Since moving to the outskirts of London, on the borders of Surrey, I have been blessed with some of the finest charity shops in the country. Before I moved two years ago, I lived in the rugged county of Yorkshire, which was sadly bereft of any quality charity shops selling menswear.
For those of you who may not be familiar with the idea of charity shops (which I believe are a specific UK phenomenon), these are shops which are run by charities, selling donated clothes, bric-a-brac and basically anything that people no longer want or use but which still have a useful life in them. Items are donated to the shops by the public and then resold, bringing income for the charity. The prices of items sold in charity shops barely compare to the original retail price, the only issue being that you’re buying second hand items. That’s occasionally a cause of snobbery, but when you think about the second-hand market in clothes on eBay, there’s not much difference.
Since moving away from Yorkshire, I have had the good fortune to furnish my wardrobe with designer labels, mainly from charity shops and at a fraction of the original retail price. A Barbour Northumbria coat with lining and separate hood would set you back about £280 in one of their retail outlets. I found one for £35. Armani jeans (£5), Dolce & Gabanna wool jacket (barely worn, £25), Ralph Lauren hoodie (last season, £12); these are just a few of the items I have found in charity shops in the local area.
My crowning glory was a handbag for my wife. I found an unused, genuine (it still had the tags and certificate of authenticity) Balenciaga handbag. The exact same bag was still on sale in the Balenciaga online store for £1240. It had all the right bits & pieces with it, still had the little plastic covers on the leather zipper bits, the only thing I could see was that the plastic cover from one of the handles had been removed. I paid £195 for it. That’s a difference of over £900!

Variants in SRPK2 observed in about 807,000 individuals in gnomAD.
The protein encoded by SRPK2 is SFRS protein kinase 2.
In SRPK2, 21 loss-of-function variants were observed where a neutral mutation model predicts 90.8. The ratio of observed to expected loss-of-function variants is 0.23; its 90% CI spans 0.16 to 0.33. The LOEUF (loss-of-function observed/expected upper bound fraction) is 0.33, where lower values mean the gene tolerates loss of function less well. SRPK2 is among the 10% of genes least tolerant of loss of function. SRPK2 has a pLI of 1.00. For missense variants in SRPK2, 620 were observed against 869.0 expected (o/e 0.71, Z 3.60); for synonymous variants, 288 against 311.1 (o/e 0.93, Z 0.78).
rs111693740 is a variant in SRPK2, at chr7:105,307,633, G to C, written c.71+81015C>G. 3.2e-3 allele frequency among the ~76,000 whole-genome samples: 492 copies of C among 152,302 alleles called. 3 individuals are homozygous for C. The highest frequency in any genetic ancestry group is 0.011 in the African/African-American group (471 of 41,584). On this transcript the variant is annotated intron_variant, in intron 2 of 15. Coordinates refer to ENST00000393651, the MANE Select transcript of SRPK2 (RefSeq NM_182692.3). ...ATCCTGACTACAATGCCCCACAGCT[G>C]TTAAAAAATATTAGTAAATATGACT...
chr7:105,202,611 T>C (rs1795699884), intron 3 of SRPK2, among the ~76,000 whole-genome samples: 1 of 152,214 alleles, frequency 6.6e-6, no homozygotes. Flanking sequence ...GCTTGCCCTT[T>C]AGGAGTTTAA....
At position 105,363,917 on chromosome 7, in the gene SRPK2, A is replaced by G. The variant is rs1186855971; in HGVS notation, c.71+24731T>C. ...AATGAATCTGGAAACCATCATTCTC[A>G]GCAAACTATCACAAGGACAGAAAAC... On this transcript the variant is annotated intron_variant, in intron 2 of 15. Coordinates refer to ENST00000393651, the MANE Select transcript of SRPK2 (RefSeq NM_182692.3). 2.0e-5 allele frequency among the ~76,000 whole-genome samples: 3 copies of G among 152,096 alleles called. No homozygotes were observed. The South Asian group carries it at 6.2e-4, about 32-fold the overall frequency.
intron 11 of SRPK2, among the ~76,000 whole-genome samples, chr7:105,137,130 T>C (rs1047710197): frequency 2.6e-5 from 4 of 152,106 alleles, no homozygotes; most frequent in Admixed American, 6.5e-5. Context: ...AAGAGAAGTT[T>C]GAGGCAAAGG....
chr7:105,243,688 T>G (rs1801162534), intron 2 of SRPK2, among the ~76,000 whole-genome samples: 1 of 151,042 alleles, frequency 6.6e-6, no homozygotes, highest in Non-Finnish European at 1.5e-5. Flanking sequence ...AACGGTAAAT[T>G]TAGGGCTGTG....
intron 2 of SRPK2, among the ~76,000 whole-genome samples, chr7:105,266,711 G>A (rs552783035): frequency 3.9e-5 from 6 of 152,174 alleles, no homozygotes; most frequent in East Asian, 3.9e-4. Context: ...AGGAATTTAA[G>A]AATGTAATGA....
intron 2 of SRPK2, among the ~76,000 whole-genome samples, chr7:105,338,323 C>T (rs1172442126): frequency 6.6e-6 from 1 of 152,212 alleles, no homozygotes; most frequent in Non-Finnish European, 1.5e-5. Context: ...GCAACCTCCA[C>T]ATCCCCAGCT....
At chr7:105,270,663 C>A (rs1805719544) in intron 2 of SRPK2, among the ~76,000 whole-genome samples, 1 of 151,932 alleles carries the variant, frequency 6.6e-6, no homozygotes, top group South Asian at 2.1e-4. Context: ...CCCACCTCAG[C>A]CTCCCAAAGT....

I’ve yet to find anything to beat the Balenciaga handbag. That really was a one-in-a-million find. I think that since I’ve been living down here, the only thing that I’ve paid full price for was a black Barbour International biker jacket (produced to celebrate the brand’s 75 year anniversary), for £220. I felt guilty paying full price for it; before I moved I would never have been able to justify paying that much for a coat. When I consider the savings I have made on all the other clothes in my wardrobe though, I don’t feel so bad. Although I seem to be becoming a label slave, there’s no way I could ever justify paying full price for a new item from, say, Dolce & Gabanna, when I have so much choice in the charity shops.
A note of caution should also be struck; while I can find all sorts of designer labels in the charity shops, they’re rarely current season. This doesn’t bother me at all, as I’m less interested in following fashion than I am in creating a sense of style. Whereas fashion changes from week-to-week, style has a more enduring quality. And if vintage clothing is your thing, there’s no better place to start filling your wardrobe than charity shops.